• Rural Community

    The honey industry is absolutely booming. Honeybees are amazing creatures and there are many benefits to having them on farm.

    We all love a delivery of honey, but are people moving into deals where there is payment for having the hives on your property?
    There's talk of planting Manuka to get the premium and I've heard that some people are leasing land to honey companies long term to plant manuka...
    What sort of contracts are available these days?
    I'd love to hear about what arrangements you have with your Beekeepers...
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  • Comments


  • Hi Rapheal, apologies if I came accross as bad mouthing other bee keepers, was certainly not the intention. We are from a sheep and beef farming background ourselves and we are aware (not just pub gossip) of honey companies bringing in the lawyers if farmers decide the relationship is not working and they want to look at other options.. As a result we opt for short term contracts and back ourselves to be invited back the next season knowing that we do as we promised. The intention was more to inform farmers of my thoughts, opinions and our model on the varying options that exist. Best of luck for the honey season ahead. James



  • No need for beekeeper to come here bad mouthing other and spreading pub gossips...
    Different area suit different sites use. That for different deals.
    If you have a beekeeper big or small and that you are happy to deal with him, then carry on.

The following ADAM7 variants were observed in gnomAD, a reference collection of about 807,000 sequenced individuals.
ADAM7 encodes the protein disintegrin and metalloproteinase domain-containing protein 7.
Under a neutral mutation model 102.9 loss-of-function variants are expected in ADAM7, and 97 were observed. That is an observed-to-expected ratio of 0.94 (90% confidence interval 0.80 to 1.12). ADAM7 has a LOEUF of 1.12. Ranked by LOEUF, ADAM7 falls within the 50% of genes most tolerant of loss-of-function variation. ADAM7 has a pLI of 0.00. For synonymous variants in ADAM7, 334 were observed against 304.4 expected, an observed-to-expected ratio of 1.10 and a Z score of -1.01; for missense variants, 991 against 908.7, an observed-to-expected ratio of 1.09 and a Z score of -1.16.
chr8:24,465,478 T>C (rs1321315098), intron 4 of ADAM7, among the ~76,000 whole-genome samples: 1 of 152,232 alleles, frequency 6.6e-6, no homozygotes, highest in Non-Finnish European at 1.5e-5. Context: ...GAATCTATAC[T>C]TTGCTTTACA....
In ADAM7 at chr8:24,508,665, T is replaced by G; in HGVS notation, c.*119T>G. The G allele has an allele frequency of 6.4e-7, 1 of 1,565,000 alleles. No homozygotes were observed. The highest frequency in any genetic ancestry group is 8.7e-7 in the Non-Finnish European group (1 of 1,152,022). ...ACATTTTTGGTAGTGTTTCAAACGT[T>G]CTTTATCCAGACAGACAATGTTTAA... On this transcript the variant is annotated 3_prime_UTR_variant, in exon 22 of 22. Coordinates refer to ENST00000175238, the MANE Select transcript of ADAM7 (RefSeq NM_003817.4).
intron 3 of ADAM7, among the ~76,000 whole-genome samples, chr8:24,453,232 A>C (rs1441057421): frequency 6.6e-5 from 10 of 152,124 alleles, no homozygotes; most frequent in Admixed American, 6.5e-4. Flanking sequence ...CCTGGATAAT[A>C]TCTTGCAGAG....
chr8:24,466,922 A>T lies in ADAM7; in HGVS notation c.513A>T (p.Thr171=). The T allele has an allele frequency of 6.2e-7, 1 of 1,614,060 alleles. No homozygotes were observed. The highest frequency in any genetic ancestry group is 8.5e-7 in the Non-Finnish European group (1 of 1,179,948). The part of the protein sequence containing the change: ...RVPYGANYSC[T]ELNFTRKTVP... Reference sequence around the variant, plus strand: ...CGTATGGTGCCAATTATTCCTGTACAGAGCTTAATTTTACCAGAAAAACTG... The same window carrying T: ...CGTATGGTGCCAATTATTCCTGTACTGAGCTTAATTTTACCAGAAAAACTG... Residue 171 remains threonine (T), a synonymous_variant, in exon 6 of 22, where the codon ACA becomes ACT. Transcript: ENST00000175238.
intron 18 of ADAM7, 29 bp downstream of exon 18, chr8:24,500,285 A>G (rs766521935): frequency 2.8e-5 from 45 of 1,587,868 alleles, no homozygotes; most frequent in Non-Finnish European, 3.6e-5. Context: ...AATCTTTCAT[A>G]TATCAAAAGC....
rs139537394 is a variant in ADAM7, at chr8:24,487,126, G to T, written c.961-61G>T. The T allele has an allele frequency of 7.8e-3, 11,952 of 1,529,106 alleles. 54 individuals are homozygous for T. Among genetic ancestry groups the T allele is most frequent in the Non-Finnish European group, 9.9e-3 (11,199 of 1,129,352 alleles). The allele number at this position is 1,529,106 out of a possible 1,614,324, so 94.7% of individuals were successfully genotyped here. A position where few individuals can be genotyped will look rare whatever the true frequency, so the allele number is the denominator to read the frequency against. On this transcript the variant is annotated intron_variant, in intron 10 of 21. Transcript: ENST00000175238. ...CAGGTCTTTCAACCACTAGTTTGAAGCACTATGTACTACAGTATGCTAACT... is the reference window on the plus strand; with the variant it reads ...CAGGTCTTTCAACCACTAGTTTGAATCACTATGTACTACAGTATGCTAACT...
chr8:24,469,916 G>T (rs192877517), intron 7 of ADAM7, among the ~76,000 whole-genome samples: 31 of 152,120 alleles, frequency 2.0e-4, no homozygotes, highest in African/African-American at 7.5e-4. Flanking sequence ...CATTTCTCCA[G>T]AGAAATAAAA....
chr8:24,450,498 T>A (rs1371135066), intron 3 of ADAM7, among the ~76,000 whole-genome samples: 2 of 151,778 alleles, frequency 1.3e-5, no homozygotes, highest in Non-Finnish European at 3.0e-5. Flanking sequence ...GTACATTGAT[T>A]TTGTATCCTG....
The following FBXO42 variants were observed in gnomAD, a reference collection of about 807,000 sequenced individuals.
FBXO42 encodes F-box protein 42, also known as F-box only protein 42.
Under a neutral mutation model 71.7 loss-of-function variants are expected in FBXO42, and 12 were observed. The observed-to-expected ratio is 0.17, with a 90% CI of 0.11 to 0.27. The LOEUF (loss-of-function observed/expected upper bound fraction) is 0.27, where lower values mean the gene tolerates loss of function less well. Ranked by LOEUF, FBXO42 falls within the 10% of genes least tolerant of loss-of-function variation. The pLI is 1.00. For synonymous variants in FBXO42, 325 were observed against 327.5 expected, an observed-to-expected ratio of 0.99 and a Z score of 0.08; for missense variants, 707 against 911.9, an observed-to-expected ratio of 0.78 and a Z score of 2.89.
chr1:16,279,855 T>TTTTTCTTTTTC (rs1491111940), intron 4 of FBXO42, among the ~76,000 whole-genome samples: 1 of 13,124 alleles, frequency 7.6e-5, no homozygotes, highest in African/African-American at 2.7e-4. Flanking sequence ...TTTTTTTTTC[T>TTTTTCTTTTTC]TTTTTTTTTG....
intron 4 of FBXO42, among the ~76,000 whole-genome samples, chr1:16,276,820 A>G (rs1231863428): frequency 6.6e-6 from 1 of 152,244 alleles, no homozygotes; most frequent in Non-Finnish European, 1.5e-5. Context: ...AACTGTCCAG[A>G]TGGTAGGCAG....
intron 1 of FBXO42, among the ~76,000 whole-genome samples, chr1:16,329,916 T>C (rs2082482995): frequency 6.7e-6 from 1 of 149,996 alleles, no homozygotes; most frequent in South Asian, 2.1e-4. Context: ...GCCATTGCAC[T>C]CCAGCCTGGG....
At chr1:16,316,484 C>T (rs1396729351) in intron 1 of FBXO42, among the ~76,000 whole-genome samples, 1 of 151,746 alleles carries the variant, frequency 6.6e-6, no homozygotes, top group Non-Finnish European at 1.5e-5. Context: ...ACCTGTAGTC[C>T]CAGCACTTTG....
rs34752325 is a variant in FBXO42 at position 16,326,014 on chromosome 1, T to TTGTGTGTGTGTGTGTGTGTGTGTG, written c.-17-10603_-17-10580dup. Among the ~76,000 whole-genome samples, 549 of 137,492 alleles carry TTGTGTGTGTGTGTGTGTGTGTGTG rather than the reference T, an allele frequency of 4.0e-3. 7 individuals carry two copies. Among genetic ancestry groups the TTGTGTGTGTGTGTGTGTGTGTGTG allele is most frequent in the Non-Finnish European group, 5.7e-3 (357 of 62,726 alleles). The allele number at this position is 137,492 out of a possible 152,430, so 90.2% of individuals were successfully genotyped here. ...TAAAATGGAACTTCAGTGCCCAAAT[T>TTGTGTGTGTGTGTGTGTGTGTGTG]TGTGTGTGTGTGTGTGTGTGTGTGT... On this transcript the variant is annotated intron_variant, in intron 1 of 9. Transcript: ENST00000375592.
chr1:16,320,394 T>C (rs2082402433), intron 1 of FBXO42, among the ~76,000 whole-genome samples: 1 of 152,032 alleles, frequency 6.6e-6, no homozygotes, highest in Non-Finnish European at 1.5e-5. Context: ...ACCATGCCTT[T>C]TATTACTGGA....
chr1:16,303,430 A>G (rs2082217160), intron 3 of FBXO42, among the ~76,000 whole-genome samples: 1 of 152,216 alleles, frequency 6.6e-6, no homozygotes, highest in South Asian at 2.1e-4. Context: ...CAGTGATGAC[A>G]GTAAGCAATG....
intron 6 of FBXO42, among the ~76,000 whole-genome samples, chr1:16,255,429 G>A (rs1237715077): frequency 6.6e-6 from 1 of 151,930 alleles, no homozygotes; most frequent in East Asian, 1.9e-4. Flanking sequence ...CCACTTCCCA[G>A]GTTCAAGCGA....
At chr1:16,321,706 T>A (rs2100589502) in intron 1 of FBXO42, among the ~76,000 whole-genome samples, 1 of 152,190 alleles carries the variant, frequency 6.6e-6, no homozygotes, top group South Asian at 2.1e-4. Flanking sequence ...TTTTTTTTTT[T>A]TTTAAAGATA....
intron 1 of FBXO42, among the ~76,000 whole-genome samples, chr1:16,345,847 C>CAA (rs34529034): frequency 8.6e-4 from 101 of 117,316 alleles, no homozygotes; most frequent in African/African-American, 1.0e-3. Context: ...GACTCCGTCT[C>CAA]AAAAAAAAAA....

In any type of farming long term relationship with supplier and buyer are very important and no different that the relationship with a beekeeper.
    So a short time relationship will only attract wave riders and when things go down they all vanished.
    Polenisation of pasture is just as important for farmers that it is for beekeeper to have good beesites for they bees.



  • Hi, we are a honey company based in Taranaki called Egmont Honey Ltd. I thought I might just add to the thread what we tend to do for farmers. Basically we give the option of either a fee per hive or a percentage of the honey. We operate with full transparency so the farmer know exactly what's coming off their property in terms of volume and grade of honey. The system works well and my advise to farmers is that you do not need to sign up to long term contracts and be aware of anyone offering too bigger percentage of the crop because a lot of these bigger companies just manipulate the volumes or honey grade to make the percentages work for them. We would be happy to talk to anyone that has questions about the industry... Can find us through our website egmonthoney.co.nz



  • We have 4 bee sites on farm at present, from 2 different companies. We get paid in honey. I think we are doing each other a favour. We get honey and pollination for all our clover and native trees and plants...and they get feed for there bees.



  • @Annie on our old farm we got paid per hive (can't remember the exact amount), plus we got honey every year from Comvita. I think the way to go is to form a partnership with the honey company where you might spend some money (share the risk) in order to get a bigger slice of the pie at the other end. The way the industry is going, a small amount per hive and some money is not much compared to what they are making! I reckon farmers have the greatest opportunity, as they own the land.



  • @Annie We have two different honey companies on three different properties, one in Bideford and two in Masterton . One company (Manuka Life) are just wintering hives on these properties getting them prepared to become Manuka hives . They pay us $300 per site. On the two sites they have up to 6 different sites. The other company (Watson & Sons) have the hives on the property most of the year in 4 locations. They give us 6 kilos of Honey per site per year.


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